It is not surprising that the Board voted squash in as the sport is relatively well represented. Three of the fifteen Board members list squash as a sport they play. I checked on this and it makes sense. One of them went to St. Andrews University in Scotland and another went to Oxford in England, both are institutions where squash is a well known sport and is played by many students. The third member is president of the Olympic Council of Ireland, whose headquarters happen to be a short walk from a wonderful club in Howth - the beautiful northern peninsula of Dublin Bay - where this gentleman quite likely plays his squash, and his tennis. The fact that Jacques Rogge, the president of the IOC, played rugby for his country of Belgium means he too would have been exposed to the game of squash. The two sports of squash and rugby often go hand in hand. Many rugby players play squash to supplement their fitness work off the pitch and the clubs are often combined in some way. Squash is a good way to keep fit for rugby but avoid the high risk of injury that comes with actually playing rugby. This leads me to the circumstances during the subsequent decision for the 2016 Games.
The sports voted in for 2016 were golf and rugby sevens. There are a few things that are quite notable about this. 1) The president of the IOC is obviously a rugby supporter and, based on subsequent press releases, was clearly delighted with the decision. Note that the president does not get a vote on the sports decision, so rugby sevens was voted in by the other fourteen members of the board (who are not influenced by the president at all). 2) The two sports federations in question, the International Rugby Board and International Golf Federation, had been previously voted out of the IOC. Rugby in 1924 and golf in 1904. 3) The only reason two new sports got in for 2016 was because baseball and softball got kicked out, something which also does not happen very often either (only fourteen sports in the history of the Summer Olympics). 4) Between the time that squash and karate missed out (because of the two thirds majority requirement) the rules were changed and only a simple majority (50%) of votes at the IOC session was needed to get rugby sevens and golf confirmed, so these two sports had an easier path in. A tough break for squash and karate because they had both achieved the 50% majority at the previous IOC session. If this lowered hurdle was brought into effect slightly earlier, squash and karate would have replaced baseball and softball in the Olympics.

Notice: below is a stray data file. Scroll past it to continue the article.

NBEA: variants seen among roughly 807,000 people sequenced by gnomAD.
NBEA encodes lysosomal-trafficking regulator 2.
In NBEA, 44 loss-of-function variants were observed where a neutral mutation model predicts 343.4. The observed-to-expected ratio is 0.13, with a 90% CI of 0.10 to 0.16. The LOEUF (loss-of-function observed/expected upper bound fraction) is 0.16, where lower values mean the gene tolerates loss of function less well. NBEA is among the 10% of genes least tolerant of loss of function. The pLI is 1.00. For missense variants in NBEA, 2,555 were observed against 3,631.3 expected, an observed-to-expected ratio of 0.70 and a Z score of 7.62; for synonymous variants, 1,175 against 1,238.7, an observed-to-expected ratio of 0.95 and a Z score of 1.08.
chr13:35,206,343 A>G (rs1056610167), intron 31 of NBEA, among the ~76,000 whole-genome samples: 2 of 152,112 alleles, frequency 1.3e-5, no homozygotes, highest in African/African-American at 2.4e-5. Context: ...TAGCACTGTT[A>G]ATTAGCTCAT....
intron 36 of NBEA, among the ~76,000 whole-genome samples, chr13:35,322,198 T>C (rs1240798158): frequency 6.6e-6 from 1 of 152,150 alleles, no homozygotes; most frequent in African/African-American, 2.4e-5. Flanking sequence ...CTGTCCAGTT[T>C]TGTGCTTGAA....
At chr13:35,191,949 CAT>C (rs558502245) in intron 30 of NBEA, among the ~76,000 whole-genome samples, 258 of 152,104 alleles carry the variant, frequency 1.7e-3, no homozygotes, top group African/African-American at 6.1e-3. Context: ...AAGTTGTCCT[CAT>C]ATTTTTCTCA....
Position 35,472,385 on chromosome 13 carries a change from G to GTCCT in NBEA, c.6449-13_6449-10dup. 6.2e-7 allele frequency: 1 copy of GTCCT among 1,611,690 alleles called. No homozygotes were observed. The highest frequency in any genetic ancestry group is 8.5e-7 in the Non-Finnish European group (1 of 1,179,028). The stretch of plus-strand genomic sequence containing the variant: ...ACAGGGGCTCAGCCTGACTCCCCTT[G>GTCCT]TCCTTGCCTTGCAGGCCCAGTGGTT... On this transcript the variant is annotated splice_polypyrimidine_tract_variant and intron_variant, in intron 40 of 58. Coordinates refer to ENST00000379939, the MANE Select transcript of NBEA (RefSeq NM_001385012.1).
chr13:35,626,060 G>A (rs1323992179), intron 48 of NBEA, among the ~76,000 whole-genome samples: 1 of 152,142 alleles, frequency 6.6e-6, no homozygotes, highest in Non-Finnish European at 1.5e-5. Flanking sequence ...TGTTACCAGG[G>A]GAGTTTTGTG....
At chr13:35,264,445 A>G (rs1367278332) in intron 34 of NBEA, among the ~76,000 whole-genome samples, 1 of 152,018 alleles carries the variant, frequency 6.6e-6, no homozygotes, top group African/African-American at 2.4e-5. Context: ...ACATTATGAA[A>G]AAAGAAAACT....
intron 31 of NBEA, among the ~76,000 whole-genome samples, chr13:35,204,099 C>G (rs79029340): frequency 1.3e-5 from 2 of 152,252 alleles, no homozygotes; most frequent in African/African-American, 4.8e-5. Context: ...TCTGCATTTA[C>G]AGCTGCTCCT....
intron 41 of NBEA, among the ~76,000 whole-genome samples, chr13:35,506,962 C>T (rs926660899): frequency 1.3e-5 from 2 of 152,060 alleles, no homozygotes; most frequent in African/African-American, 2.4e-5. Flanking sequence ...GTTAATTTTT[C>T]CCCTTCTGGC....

So, looking forward to next year when the whole process likely repeats itself: The SportAccord convention is in St Petersburg, Russia at the end of May. The IOC session is in Buenos Aires, Argentina in September 2013. Voting on which sports to include or exclude is not offically on the agenda for this IOC session yet, but it will be if the Board members make a decision themselves regarding the sports program and require ratification thereof. So sometime around July next year the Board will hopefully meet and review the outcome of SportAccord, listen to the valuable input of the ARISF and consider the recommendations of the internal working group (aka the Olympic Program Commission). The IOC is not required to review the Olympic sports program at fixed intervals, but does do this periodically. It sounds like they will be doing this next year. The Olympic Program Commission is responsible for reviewing and analysing the program of sports, disciplines and events, as well as the number of athletes in each sport. The Commission will make recommendations in this regard to the IOC Executive Board who then vote on what changes they want to make, or don't want to make.